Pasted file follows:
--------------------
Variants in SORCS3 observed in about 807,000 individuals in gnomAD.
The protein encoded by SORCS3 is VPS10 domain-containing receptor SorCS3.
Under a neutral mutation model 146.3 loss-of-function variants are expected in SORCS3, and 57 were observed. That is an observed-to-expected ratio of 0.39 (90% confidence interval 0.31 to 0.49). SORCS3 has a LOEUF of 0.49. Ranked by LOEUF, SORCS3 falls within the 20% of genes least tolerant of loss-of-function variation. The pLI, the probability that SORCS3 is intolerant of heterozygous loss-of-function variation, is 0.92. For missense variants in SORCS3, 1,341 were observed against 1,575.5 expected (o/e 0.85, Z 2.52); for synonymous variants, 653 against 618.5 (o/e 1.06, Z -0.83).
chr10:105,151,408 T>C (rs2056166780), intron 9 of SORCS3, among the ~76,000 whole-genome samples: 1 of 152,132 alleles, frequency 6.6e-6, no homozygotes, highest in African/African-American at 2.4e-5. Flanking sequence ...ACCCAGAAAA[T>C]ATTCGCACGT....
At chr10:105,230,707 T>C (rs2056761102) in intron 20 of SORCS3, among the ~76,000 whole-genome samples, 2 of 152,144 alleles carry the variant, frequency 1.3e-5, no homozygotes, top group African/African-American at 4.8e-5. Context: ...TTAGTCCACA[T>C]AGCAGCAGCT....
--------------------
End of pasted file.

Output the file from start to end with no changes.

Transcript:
Variants in SORCS3 observed in about 807,000 individuals in gnomAD.
The protein encoded by SORCS3 is VPS10 domain-containing receptor SorCS3.
Under a neutral mutation model 146.3 loss-of-function variants are expected in SORCS3, and 57 were observed. That is an observed-to-expected ratio of 0.39 (90% confidence interval 0.31 to 0.49). SORCS3 has a LOEUF of 0.49. Ranked by LOEUF, SORCS3 falls within the 20% of genes least tolerant of loss-of-function variation. The pLI, the probability that SORCS3 is intolerant of heterozygous loss-of-function variation, is 0.92. For missense variants in SORCS3, 1,341 were observed against 1,575.5 expected (o/e 0.85, Z 2.52); for synonymous variants, 653 against 618.5 (o/e 1.06, Z -0.83).
chr10:105,151,408 T>C (rs2056166780), intron 9 of SORCS3, among the ~76,000 whole-genome samples: 1 of 152,132 alleles, frequency 6.6e-6, no homozygotes, highest in African/African-American at 2.4e-5. Flanking sequence ...ACCCAGAAAA[T>C]ATTCGCACGT....
At chr10:105,230,707 T>C (rs2056761102) in intron 20 of SORCS3, among the ~76,000 whole-genome samples, 2 of 152,144 alleles carry the variant, frequency 1.3e-5, no homozygotes, top group African/African-American at 4.8e-5. Context: ...TTAGTCCACA[T>C]AGCAGCAGCT....